January 29, 2013 at 9:04 PM by Dr. Drang
I’ve been using the scanner at work a lot recently and decided I was spending too much time clicking and dragging. I wrote a little script to cut down on the nonsense.
What we have isn’t a dedicated scanner; it’s one of those multifunction copier/printer/scanners from Brother. We’re a small place, and don’t need much capacity, so it works well enough. What doesn’t work very well is the software that came with it. The software is Windows-only, of course, and it’s installed on a Vista machine in the same room as the scanner. Up until recently, I’d run the scanner from the Vista machine, save the scans to its Public folder, then go back to my Mac and copy them to my disk. I might end up doing this more than once because the scanner software makes it easy to get the wrong output. Wrong resolution, black-and-white when you want color, a PDF when you want a JPEG, etc.
The scanner driver on Mountain Lion, in contrast, puts all the controls in a simple layout that’s easy to read and adjust:
The annoying part of scanning from the Mac, though, is getting to the scanner driver in the first place.
The typical procedure is:
- Open System Preference.
- Switch to the Print & Scan pane.
- Choose the scanner from the list of devices.
- Click the Scan side of the Print/Scan lozenge.
- Click Open Scanner…
Well, as Clark and Carl were too polite to say in the comments. this 5-step process is not typical for anyone paying attention. You can bring up the scanner driver from within several apps, Preview being the most prominent. The AppleScript described below is faster than scanning into an application if you don’t want to crop or otherwise edit the scan (my usual case) but not as fast if you do (my non uncommon case).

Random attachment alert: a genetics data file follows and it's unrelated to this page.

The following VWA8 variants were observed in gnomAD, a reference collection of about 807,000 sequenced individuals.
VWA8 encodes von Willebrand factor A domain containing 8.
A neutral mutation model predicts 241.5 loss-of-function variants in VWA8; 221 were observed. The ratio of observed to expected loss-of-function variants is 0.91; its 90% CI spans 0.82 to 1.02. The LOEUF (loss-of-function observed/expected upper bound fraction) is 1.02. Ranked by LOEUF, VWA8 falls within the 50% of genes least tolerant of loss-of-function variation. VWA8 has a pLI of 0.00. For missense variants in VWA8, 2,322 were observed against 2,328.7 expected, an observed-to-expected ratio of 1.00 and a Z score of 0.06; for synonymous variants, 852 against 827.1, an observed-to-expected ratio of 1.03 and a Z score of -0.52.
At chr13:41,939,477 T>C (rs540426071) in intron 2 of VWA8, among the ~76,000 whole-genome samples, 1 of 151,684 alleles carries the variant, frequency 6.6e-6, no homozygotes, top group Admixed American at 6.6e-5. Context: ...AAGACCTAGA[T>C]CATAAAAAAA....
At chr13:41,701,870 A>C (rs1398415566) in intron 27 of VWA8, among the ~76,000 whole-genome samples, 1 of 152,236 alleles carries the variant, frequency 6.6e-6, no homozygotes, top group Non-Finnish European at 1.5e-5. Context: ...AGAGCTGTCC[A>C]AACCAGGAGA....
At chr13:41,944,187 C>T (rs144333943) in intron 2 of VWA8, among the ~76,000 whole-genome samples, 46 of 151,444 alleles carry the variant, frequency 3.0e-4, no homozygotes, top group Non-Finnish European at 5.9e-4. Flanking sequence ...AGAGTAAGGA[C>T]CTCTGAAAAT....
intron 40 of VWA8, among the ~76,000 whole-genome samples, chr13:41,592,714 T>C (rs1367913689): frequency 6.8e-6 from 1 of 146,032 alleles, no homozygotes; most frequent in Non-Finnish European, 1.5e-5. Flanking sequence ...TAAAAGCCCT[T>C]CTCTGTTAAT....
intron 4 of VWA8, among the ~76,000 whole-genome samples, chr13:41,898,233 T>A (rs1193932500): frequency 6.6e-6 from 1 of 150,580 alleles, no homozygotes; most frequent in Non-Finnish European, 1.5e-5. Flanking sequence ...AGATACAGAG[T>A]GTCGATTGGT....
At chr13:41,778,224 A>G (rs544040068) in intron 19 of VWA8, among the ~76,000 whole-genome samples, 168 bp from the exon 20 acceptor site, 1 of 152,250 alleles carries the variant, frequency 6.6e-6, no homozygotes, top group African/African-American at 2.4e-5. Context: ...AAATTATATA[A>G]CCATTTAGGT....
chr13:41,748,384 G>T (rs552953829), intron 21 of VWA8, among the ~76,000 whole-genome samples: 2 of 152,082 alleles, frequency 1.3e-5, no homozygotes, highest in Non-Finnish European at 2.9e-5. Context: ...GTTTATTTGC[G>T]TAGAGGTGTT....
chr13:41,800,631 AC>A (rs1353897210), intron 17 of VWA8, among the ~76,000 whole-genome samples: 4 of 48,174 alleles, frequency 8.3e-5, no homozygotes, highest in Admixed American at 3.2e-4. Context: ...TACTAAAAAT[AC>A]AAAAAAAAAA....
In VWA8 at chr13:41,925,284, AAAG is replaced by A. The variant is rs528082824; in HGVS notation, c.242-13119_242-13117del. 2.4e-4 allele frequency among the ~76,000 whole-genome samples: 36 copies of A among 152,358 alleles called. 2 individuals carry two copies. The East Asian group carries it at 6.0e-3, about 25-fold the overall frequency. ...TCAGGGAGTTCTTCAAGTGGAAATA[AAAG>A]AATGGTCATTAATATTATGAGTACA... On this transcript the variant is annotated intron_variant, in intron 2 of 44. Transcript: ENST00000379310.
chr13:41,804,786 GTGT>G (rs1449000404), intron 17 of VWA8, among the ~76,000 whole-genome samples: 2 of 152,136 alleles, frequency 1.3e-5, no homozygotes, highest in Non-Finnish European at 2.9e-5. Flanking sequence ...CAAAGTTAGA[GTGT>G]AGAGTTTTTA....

After scanning a few documents into Preview this morning, I must say the experience isn’t as nice as I’d hoped. Every time I open the driver, the settings are at a default state that I would never use: 100 dpi A4-sized TIFF. I assume there’s some way to change the defaults and make them stick, but I much prefer the way the standalone program works—it remembers my settings from last time and starts from there.
After going through these steps too many times, I realized that since there’s a new icon in the Dock when the scanner driver is open, there must be an application associated with it that, if I was lucky, could be controlled by AppleScript.
I was lucky. The application has the same name as the scanner and the driver can be opened in one step with this AppleScript:
applescript: 1: tell application "Brother MFC-8680DN" 2: get visible of front window 3: activate 4: tell application "System Events" to keystroke "3" using command down 5: end tell
When the application opens, it doesn’t present the scanner window, it starts off with the print queue window.
To open the scanner window, we have to either click the button in the upper right corner, choose a menu item that does the same thing, or type the menu item’s keyboard shortcut, which is ⌘3. As you can see in Line 4, I used System Events to simulate the latter.
You’re probably wondering why Line 2 is there. What’s the point of learning the visibility of the front window if we never use it? Well, children, I don’t want to burst your bubble, but programs don’t always work the way they’re supposed to. For reasons known only to the gods, the
activate command doesn’t bring the Brother MCFC-8680DN application to the front. And if it’s not at the front, the keystroke simulation in Line 4 does nothing. I wanted to figure out why this was, so I decided to add debugging code to the script. The first thing I thought of was to check the visibility of the first window that appears, and, amazingly, adding that debugging line fixed the problem. Sometimes it’s better to be lucky than smart.
Have I tried to understand this bizarre behavior? Hell, no! That might spoil the magic juju, and then where would I be?
I saved the script under the name “Scanner” in my
~/Library/Scripts folder, and now I have an item in my FastScripts menu that brings up the scanner driver in one step. I’m tempted to rename it “Cranch,” but that seems too obscure, even for me.